Bridge HR articles
15 Feb The Job Retention Scheme is changing – here’s how…
As we look ahead to the scheme closure in October, we have outlined below the changes as they are proposed month to month:
1. From 1 July, flexible furlough begins:
As in the original guidance, it appears a further written agreement with employees is required to implement flexible furlough and we are advising clients to secure clear agreement to the terms upon which they intend to implement such arrangements. These are summarised and reviewed below:
• Subject to certain conditions (see below) you can bring employees back, part-time, for any hours.
• Employers pay in full for any hours actually worked by the employee.
• Note: there are a number of additional rules covering claim periods and the calculations for flexible furlough that appear rather complex – so do please map out your arrangements and talk to the team before implementing.
2. Who can use the extended and flexible scheme from July onwards?
• After 1 July, only those of your employees who have already been furloughed and for whom you’ve received a furlough grant / payment will be entitled to the protection under the extended scheme. So, that’s any of your employees who have been on furlough for a minimum of three continuous weeks prior to 30 June (hence the cut-off date of 10 June that was applied and now restricts access).
• Note: the above exclusions do not apply to employees returning from statutory parental leave after 10 June – those returning from maternity, paternity, shared parental leave, adoption leave or parental bereavement leave can still be furloughed after the 10 June for the first time – they are the exception you’ll need to be aware of. Please also note that you must also, in this case, have submitted a furlough claim for any other employee for three consecutive weeks during the period of 1 March and 30 June.
3. Convoluted claim periods and rules
The rules are convoluted. You can access them on the. Gov website.
The key points are summarised as follows:
• From 1 July, there is no minimum furlough period but the HMRC claim period that you can claim for is stipulated as ‘seven calendar’ days;
Except where the period claimed for includes the first or last day of the month, and you’re claiming for a period ending immediately before that, in these cases the claim can be for less than seven days;
• After 1 July, you can’t make claims across calendar months;
• Your claim period must start and end in the same calendar month;
• Days claimed in different months are claimed separately, in each month they relate to, as the rules on contribution values etc are different in each month, as the scheme contracts and closes down in October (see below).
4. Cap on total numbers for whom you can claim
• The new guidance has imposed a ‘maximum’ number of employees you can claim for under the scheme post 1 July;
• That number cannot be more than the maximum number of employees on furlough at the same time in any period before 30 June.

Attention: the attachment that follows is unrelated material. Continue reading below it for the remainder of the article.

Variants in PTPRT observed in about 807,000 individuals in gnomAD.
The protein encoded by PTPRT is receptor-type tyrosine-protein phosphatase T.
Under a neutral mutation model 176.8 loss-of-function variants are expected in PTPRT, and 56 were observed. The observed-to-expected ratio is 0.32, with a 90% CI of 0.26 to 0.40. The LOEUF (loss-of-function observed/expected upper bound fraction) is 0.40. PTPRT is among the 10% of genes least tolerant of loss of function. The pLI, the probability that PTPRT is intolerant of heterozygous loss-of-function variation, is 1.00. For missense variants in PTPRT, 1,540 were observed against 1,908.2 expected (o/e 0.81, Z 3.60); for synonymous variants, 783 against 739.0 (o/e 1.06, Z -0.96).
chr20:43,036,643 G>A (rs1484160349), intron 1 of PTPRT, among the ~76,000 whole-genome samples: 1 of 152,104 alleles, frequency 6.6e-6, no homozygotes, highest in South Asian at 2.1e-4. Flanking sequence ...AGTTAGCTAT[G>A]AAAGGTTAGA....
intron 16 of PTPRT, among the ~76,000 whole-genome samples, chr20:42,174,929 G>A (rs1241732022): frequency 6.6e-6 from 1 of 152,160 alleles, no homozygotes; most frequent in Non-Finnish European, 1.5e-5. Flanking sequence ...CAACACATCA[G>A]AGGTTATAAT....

• Please do check this with our team to avoid planning for claims that are refused.
5. From 1 August 2020, grant levels start to reduce (please see the .Gov calculators to help you work out claims)
The government timetable for these changes is summarised below. The government has made clear that:
‘wage caps are proportional to the hours an employee is furloughed. For example, an employee is entitled to 60% of the £2,500 cap if they are placed on furlough for 60% of their usual hours’:
Government pays 80% of wages up to a cap of £2,500 for the hours an employee is on furlough.
Employers pays ER NICs and pension contributions for the hours the employee is on furlough.
Government pays 70% of wages up to cap of £2,187.50 for the hours the employee is on furlough. Employer pays ER NICs and pension contributions and tops up employees’ wages ensuring receipt of 80% of their wages up to a cap of £2,500, for time they are furloughed.
Government pays 60% of wages up to a cap of £1,875 for the hours the employee is on furlough.
Employers pay ER NICs and pension contributions and top up employees’ wages to ensure they receive 80% of their wages up to a cap of £2,500, for time they are furloughed.
Wage caps are proportional to the hours not worked.
[extract from .Gov guidance]
The extension of the scheme and the scaling back on grants is inevitable. The key concerns here are:
• making sure you know how to claim;
• making sure you know what the maximum numbers you can claim for are, under the new guidance;
• securing clear contractual agreement to implement flexible furlough working; and
• ensuring the numbers and costs work.
Workforce planning and costing now is crucial and can save time and monies so please do contact the team if you need any support. We are helping a number of clients retain skilled workforces, save payroll costs and implement compliant schemes to reduce risks of claims…all helping survive this challenging time.